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L’Oréal Taps Deputy CEO

The appointment of Nicolas Hieronimus to the position stirred speculation he might one day take over the entire group.

PARIS — The appointment Thursday of Nicolas Hieronimus as L’Oréal’s deputy chief executive officer, placing him second in command, has amplified industry buzz over whether he’s the heir-apparent to one day step up to the beauty giant’s top post.

Jean-Paul Agon, L’Oréal’s chairman and ceo, revealed Hieronimus’ promotion to the newly created role during the group’s annual general meeting here. He is currently president of the company’s Selective divisions and in his new post will now also oversee the Consumer Products division.

“The goal is to strengthen the overall and transversal vision of the four global divisions who are confronted with new challenges in this constantly changing world,” L’Oréal said in a statement.

Asked whether succession plans are under way, a company spokeswoman told WWD Thursday night: “Jean-Paul Agon’s succession is not on the agenda. Jean-Paul Agon has stated in the past his intention to remain ceo until the statuary age limit of 65, subject to the board’s agreement.”

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Still, industry sources wondered whether Hieronimus isn’t being gently groomed over a number of years to take over the company’s helm, in a similar fashion to how Agon was by his predecessor, Lindsay Owen-Jones. And his new role continues his meteoric ascent at the group.

Eva Quiroga, an analyst at Deutsche Bank, referred to “how quickly he has risen through the ranks, from head of Professional in 2008 to head of Selective, roughly half of group sales, in 2013.”

She also lauded the executive for the way he’s managed the L’Oréal Luxe division over the last few years, “consistently delivering best-in-class growth — between 2011, when he was put in charge of L’Oréal Luxe, and 2016, he delivered average organic top-line growth of 7.2 percent, versus plus 4.6 percent for the group overall.”

Yet, some industry sources question whether Hieronimus’ age wouldn’t be a stumbling block if he were to be named the head of L’Oréal in five years’ time, when he would be 58.

“Clearly, L’Oréal takes succession very seriously. At the end of the day, they had four-and-a-half ceo’s — one of them merely facilitated a transition for a couple of years — in more than 100 years. And [the company] ensures that the next ceo is identified early on and introduced carefully — as had been the case with both Owen-Jones and Agon, and key to the group’s success in my view,” Quiroga said.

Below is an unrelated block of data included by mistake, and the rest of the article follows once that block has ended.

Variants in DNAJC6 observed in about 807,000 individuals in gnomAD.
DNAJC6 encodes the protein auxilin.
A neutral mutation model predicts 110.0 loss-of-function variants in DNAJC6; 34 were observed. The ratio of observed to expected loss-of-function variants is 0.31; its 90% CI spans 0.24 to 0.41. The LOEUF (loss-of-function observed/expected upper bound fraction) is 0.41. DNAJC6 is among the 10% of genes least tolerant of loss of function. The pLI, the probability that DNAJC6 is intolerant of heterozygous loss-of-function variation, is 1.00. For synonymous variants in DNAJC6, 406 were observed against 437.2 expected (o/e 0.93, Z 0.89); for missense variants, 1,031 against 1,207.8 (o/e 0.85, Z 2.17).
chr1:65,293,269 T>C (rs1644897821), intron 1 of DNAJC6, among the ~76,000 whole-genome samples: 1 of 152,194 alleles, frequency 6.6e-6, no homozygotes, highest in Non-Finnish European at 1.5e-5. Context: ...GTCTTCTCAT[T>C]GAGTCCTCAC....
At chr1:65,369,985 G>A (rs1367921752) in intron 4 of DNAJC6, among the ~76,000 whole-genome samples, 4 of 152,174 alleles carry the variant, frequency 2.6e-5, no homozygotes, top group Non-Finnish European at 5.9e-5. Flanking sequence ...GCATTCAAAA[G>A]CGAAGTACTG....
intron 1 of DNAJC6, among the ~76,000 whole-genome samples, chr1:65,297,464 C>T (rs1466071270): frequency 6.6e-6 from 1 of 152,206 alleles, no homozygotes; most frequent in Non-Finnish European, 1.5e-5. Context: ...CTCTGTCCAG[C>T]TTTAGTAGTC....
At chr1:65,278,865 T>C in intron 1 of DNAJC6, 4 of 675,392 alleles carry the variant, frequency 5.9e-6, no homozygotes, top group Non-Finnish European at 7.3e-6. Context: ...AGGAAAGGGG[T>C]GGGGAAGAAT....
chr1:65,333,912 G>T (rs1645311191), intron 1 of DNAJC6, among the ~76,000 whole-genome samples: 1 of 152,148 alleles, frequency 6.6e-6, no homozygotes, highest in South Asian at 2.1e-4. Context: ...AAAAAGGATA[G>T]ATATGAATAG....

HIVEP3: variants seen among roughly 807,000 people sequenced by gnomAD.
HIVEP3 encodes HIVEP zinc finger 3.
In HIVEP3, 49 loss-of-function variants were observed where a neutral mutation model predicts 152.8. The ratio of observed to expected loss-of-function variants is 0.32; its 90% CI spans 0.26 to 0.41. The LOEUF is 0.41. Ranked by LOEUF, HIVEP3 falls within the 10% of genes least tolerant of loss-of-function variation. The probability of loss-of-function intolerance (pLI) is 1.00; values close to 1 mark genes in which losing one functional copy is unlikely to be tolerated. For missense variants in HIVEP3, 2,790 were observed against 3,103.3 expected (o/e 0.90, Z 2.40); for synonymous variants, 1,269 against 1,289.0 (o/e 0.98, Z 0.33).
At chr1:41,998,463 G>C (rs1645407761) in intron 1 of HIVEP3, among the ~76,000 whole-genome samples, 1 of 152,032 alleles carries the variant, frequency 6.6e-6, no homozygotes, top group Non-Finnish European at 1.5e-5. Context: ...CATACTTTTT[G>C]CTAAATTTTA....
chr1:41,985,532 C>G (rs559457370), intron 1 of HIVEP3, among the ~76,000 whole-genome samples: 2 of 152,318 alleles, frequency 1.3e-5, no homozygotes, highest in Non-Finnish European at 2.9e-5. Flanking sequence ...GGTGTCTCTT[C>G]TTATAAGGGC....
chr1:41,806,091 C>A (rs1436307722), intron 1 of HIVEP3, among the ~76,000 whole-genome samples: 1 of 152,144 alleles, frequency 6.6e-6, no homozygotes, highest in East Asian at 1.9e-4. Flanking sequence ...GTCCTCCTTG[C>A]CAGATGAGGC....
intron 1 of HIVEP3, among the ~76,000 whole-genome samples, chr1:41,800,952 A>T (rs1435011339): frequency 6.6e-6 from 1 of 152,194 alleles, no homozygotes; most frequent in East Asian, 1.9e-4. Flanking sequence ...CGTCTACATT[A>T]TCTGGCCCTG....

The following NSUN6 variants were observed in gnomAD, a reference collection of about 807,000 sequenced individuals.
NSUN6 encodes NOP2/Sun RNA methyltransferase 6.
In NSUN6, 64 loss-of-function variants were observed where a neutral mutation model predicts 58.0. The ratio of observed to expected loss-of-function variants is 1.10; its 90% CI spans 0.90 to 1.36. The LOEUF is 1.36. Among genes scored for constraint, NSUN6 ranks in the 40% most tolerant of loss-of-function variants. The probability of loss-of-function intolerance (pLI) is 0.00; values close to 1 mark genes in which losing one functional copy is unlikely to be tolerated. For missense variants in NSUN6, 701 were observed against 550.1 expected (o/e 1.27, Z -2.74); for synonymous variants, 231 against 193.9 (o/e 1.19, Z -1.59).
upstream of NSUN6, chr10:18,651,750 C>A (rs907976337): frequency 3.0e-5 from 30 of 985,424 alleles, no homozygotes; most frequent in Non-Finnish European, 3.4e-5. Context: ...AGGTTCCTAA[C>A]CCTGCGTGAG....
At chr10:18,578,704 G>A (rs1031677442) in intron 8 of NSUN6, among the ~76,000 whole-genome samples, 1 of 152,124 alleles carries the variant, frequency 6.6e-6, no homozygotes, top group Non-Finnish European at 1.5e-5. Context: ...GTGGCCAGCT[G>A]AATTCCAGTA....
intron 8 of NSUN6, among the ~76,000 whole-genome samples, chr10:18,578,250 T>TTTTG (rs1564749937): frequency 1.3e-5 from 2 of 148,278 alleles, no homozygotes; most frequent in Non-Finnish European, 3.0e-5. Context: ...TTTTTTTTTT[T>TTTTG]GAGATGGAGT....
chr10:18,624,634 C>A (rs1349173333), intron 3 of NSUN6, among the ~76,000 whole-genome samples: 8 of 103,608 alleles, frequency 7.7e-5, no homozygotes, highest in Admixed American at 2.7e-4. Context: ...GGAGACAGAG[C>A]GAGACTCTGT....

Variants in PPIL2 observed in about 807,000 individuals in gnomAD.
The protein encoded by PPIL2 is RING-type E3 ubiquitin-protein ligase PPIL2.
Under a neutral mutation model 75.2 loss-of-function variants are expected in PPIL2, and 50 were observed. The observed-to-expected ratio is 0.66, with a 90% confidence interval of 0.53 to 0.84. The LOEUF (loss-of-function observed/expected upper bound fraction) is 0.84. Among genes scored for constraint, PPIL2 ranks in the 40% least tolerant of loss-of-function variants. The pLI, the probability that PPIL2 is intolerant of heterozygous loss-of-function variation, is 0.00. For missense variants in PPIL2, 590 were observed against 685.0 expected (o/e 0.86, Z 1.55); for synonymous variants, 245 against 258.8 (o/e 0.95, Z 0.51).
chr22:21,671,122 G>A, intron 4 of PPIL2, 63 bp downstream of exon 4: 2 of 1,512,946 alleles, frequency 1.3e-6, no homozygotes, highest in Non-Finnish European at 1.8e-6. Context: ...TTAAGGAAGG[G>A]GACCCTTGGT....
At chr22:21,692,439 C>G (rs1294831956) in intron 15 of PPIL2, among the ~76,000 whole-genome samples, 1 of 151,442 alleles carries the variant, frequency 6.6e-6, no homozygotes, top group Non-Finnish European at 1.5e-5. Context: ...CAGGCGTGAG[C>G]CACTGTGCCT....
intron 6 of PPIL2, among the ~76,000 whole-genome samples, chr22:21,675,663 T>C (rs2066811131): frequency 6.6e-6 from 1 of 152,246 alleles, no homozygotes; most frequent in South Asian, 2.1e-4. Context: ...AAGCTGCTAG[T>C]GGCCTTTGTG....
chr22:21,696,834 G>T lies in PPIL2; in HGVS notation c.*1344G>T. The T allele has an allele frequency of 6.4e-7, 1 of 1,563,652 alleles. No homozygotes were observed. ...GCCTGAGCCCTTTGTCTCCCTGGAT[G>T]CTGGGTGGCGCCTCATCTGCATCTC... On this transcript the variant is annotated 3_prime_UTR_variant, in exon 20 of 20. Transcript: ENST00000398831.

The appointment of Hieronimus wasn’t the only major decision made at L’Oréal’s general meeting. The company’s board of directors also made a last-minute decision to withdraw from a vote the slated resolution regarding a stock split.

Agon said dividing the stock in half could, in certain cases, result in negative fiscal consequences for shareholders. L’Oréal therefore has asked for further information regarding the impact from the French administration.

L’Oréal’s board withdrew the resolution, which will be up for discussion and for possible vote next year.

The company’s stock, which trades at 182.85 euros, or $196.88 at current exchange, on Paris’ CAC 40, has not been split since 2000.

The resolutions up for vote at the annual general meeting were approved. These include Agon’s remuneration for 2016, which was raised to 4.2 million euros, or $4.5 million. The executive is eligible for 32,000 performance shares in four years.

Françoise Bettencourt Meyers, granddaughter of L’Oréal’s founder, Eugène Schueller, had her seat on L’Oréal’s board renewed for another four years, as was that of Virginie Morgon, who is deputy ceo of Eurazeo.

Paul Bulcke was approved to replace Peter Brabeck-Letmathe — his predecessor at the helm of Nestlé — as vice chairman of L’Oréal’s board.

It was decided that a dividend of 3.30 euros, or $3.54, per L’Oréal share — representing an on-year increase of 6.5 percent — would be distributed on May 3. At the same time there will be a dividend of 3.63 euros, or $3.90, paid out for each share that had been continuously registered for at least two years.

During a meeting held after the general meeting, company board members agreed on the cancellation of the 2,846,604 shares acquired during the buyback program they had green-lighted on Feb. 9.